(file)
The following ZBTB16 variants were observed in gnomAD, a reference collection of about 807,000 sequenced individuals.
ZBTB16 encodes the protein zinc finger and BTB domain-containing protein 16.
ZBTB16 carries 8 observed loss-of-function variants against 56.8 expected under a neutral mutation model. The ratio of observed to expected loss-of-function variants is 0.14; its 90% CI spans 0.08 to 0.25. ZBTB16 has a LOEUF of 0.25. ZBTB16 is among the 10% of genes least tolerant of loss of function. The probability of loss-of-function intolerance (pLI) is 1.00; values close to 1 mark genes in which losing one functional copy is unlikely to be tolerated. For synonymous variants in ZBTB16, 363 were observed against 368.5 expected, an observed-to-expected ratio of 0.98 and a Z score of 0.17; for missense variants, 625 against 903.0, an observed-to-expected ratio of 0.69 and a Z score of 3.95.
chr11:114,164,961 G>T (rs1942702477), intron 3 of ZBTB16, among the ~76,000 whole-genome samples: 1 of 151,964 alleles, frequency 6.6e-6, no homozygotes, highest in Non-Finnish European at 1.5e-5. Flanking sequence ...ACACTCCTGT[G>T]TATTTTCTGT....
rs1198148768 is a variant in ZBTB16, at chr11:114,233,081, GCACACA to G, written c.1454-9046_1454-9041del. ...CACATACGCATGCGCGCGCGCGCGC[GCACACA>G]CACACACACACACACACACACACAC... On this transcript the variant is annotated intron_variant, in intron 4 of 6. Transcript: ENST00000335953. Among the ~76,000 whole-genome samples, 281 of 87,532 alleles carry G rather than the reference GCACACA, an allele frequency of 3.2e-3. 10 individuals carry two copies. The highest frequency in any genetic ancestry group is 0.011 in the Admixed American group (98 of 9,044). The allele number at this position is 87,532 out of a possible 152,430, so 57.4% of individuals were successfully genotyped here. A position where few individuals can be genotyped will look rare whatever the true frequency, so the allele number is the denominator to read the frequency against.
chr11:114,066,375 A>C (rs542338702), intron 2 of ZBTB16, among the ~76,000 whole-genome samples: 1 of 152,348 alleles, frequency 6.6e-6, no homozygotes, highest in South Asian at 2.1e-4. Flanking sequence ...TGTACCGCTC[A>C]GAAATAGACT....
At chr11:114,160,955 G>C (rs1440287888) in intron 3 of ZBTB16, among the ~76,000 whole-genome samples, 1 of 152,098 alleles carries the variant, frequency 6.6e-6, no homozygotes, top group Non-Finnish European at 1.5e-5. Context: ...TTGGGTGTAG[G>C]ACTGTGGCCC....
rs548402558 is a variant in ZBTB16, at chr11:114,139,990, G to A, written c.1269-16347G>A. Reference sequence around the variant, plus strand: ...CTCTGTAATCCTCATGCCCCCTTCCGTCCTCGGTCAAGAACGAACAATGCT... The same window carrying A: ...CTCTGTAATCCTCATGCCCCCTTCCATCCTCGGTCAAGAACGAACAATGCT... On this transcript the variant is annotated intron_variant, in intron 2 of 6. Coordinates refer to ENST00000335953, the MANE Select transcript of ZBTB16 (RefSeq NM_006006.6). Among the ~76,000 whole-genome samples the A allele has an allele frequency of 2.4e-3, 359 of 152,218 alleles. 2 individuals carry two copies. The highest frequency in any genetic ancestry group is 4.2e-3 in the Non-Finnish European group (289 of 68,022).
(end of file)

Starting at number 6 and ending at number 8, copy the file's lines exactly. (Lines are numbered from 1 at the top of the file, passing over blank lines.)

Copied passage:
chr11:114,066,375 A>C (rs542338702), intron 2 of ZBTB16, among the ~76,000 whole-genome samples: 1 of 152,348 alleles, frequency 6.6e-6, no homozygotes, highest in South Asian at 2.1e-4. Flanking sequence ...TGTACCGCTC[A>C]GAAATAGACT....
At chr11:114,160,955 G>C (rs1440287888) in intron 3 of ZBTB16, among the ~76,000 whole-genome samples, 1 of 152,098 alleles carries the variant, frequency 6.6e-6, no homozygotes, top group Non-Finnish European at 1.5e-5. Context: ...TTGGGTGTAG[G>C]ACTGTGGCCC....
rs548402558 is a variant in ZBTB16, at chr11:114,139,990, G to A, written c.1269-16347G>A. Reference sequence around the variant, plus strand: ...CTCTGTAATCCTCATGCCCCCTTCCGTCCTCGGTCAAGAACGAACAATGCT... The same window carrying A: ...CTCTGTAATCCTCATGCCCCCTTCCATCCTCGGTCAAGAACGAACAATGCT... On this transcript the variant is annotated intron_variant, in intron 2 of 6. Coordinates refer to ENST00000335953, the MANE Select transcript of ZBTB16 (RefSeq NM_006006.6). Among the ~76,000 whole-genome samples the A allele has an allele frequency of 2.4e-3, 359 of 152,218 alleles. 2 individuals carry two copies. The highest frequency in any genetic ancestry group is 4.2e-3 in the Non-Finnish European group (289 of 68,022).